Wednesday, June 3, 2015

audience, audience, audience

I sometimes feel a little like a broken record when I talk about communicating with data. My latest oft-repeated word is audience. We must keep our audience in mind throughout the design process and in general, try to make things easy on them. I spent a little time on this topic in a webinar for TechChange yesterday and thought I'd turn some of my notes into a quick blog post, which is what you'll find below.

When it comes to audience, I often have workshop participants do an exercise where I encourage them to identify a specific person they are communicating to. While it isn't always the reality, designing with a specific person in mind can help us from falling into the "mixed audience" trap. If you are communicating to a "mixed audience," it's easy to treat them as a glob and not recognize that the mixed group is made up of individuals. In fact, it's surprisingly easy to make a data visualization (or the broader communication in which a data visualization sits) without ever pausing to think about the person on the other end of it. When it comes to communicating with data, my view is that we should not design for ourselves or our work or project. Rather, we should design for our audience. Always.

One benefit of identifying a specific audience is that doing so allows you to reflect on who they are and what drives them. What do they care about? What motivates them? What keeps them up at night? This is helpful for structuring your overall message in a way they will be receptive to. If you can identify what motivates your audience, you can think about how to frame what you need them to know or do in terms of those motivating factors, improving your odds for successful communication.

Beyond that, there are important things to know about how your audience sees that you can use to your advantage when creating visuals. These are the lessons I've more traditionally focused on in my workshops and here on this blog. Identify and eliminate clutter or things that aren't adding informative value. Leverage preattentive attributes like color, size, and placement on page to signal to your audience where to look and create a visual hierarchy of information. (I already sound like a broken record on many of these topics, so won't repeat more of that here today!)

In the Q&A portion of any workshop or presentation, my broken record player of audience, audience, audience tends to run on repeat Considering our audience can help us answer many of the design questions we face: What colors will work well? When does enough information become too much information? Will an image or video be appropriate? When do I need to add more context or explain in greater detail? When you find yourself facing questions like these, pause to consider your audience. Who are they and what will work best for them?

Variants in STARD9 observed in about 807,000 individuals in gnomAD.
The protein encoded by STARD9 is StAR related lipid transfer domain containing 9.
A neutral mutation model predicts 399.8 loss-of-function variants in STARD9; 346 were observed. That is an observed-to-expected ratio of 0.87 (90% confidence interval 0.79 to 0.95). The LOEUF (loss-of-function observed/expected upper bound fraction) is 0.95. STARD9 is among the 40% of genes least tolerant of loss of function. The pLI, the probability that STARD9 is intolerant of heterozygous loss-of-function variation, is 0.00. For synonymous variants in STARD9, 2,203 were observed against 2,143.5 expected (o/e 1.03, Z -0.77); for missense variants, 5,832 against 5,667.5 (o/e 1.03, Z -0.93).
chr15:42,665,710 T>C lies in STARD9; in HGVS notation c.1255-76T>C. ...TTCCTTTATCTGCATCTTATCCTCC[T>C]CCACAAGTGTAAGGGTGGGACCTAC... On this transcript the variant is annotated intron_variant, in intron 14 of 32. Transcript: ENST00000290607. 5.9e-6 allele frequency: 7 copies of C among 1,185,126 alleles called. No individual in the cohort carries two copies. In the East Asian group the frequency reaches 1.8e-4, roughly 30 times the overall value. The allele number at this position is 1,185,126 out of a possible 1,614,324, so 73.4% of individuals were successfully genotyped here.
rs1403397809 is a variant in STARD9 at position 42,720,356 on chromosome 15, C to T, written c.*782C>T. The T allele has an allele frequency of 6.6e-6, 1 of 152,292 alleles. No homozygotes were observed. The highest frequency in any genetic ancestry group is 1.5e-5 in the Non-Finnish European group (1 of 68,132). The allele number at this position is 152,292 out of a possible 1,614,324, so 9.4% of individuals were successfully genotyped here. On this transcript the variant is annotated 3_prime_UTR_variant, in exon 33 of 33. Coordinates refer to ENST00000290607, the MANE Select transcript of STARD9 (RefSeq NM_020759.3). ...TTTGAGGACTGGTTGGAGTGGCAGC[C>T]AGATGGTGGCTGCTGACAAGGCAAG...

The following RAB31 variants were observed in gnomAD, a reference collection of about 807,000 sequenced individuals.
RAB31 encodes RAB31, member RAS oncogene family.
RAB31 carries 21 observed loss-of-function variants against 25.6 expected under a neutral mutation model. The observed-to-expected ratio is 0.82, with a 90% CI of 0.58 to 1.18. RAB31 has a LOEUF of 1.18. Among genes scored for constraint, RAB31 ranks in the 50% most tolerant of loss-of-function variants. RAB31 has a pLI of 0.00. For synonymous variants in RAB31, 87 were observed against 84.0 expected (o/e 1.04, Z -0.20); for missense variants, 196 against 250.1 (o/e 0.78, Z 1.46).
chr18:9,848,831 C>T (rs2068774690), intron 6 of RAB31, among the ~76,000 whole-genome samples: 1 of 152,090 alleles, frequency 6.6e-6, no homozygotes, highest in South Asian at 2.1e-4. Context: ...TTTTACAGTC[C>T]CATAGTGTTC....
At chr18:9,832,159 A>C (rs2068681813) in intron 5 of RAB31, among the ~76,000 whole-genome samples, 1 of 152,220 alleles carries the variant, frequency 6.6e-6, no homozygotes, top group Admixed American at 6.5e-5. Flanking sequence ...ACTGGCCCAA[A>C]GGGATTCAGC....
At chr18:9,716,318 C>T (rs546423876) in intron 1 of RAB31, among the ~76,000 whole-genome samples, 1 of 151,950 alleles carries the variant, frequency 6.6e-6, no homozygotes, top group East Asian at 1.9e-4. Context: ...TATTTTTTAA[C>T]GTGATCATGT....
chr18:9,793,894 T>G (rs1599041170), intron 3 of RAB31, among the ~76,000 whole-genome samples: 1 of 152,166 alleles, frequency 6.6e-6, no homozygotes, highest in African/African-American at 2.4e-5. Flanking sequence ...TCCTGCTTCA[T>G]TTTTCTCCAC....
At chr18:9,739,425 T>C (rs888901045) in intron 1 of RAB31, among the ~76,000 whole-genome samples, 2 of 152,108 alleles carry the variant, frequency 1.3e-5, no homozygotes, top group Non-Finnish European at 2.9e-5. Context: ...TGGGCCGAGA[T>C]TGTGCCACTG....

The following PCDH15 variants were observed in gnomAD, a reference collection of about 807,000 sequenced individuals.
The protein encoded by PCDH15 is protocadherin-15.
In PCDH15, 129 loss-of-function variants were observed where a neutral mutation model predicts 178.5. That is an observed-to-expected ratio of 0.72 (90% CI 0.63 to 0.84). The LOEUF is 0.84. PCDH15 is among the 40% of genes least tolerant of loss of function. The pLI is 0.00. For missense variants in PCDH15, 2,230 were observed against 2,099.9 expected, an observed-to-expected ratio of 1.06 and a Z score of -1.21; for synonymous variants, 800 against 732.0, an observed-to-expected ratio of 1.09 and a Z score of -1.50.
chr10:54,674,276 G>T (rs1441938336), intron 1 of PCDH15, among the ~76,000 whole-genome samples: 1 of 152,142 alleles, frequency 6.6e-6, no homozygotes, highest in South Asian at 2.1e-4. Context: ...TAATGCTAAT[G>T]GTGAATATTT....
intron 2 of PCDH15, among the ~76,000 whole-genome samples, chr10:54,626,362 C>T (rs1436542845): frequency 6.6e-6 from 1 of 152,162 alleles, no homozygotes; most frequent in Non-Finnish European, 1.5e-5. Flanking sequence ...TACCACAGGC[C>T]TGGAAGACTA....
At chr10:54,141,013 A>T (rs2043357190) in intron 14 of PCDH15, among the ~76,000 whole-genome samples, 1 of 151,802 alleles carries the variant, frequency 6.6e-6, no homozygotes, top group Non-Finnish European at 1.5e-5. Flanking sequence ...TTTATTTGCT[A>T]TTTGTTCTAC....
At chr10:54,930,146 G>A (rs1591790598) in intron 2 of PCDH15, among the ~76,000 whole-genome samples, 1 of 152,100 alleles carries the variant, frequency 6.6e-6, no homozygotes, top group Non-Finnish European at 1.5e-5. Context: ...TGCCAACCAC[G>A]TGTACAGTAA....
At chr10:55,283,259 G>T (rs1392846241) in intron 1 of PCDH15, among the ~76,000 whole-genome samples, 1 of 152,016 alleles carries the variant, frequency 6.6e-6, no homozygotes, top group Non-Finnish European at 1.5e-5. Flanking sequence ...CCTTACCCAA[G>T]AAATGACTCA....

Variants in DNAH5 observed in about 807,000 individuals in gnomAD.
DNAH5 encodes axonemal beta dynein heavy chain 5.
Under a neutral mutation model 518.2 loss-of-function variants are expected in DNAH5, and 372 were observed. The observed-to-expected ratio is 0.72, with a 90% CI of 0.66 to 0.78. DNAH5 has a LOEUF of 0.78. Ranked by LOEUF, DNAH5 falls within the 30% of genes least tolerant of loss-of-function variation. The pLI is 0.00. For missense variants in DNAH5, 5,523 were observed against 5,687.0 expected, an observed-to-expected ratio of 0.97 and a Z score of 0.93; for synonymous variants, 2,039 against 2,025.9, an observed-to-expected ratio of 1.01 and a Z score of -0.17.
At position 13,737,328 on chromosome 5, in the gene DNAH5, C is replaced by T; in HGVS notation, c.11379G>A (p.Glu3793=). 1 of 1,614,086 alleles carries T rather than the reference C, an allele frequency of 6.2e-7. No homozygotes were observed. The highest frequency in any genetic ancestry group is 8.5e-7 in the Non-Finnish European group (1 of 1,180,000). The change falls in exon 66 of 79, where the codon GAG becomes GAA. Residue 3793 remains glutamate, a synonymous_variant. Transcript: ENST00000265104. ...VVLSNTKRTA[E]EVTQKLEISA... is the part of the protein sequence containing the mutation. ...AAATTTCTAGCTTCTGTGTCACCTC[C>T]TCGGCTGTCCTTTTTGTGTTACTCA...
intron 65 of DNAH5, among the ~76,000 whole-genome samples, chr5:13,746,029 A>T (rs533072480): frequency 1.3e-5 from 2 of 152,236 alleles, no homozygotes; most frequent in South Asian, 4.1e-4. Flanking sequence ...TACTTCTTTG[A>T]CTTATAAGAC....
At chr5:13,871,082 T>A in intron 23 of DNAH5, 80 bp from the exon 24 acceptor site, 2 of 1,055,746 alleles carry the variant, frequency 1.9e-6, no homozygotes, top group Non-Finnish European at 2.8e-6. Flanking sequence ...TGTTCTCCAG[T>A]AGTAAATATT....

Meta-lesson: keep your audience in mind throughout the design process; designing with them in mind will set you up for success when communicating with data!


  1. Hi Cole. I hope you're well.

    This post definitely resonated with me, as it reminded me of three very similar "instructions" that I've come across over the years, two from disciplines other than data visualization.

    1. At a Tableau conference a few years back, one of the presenters stated that a good dashboard should only answer one question. By designing your dashboard around a single question, you force yourself to identify the key thing you want your audience to understand and then ensure that everything on that dashboard is in support of that understanding.

    2. Kurt Vonnegut once stated that he always wrote his books for an audience of one (his sister, I believe). By not trying to write for everyone, he was better able to convey his ideas since he was focused on making sure his sister would enjoy what she read.

    3. In photography, it's critical to determine what you want your photograph to be about before you go about any of the technical aspects like framing, shutter speed, lens, etc. David DuChemin spends quite a bit of time talking about this in his book "Photographically Speaking" (

    Seeing as "story" is the driving force behind each act of expression, it isn't surprising that similar techniques and perspectives would be employed across them to deliver that story.

    Take care.


  2. Thanks for your comment, Mike! Super interesting to see - as you point out - how having that one "thing" clearly in mind (the one story, the one reader, the one item you'll capture on film) helps the whole process become clearer.

  3. @Mike. Great additional points. Unfortunately, most dashboards are often overcrowded with information such that one ends up admiring the design rather than learning anything - that's why I like your 'one dashboard one message' point.

  4. We've been talking a lot about user centered / human centered design at my firm, and I've found that the exercise of creating user personas that those methods use is also useful in thinking through audiences for data visualizations.

    We have a great one pager from ThinkPlace Foundation that we've used with groups to map out who the audience is for a map, for example, and having a framework for thinking through the different relevant characteristics of the audience can be really helpful for someone not routinely accustomed to taking the time to think about the audience and their needs.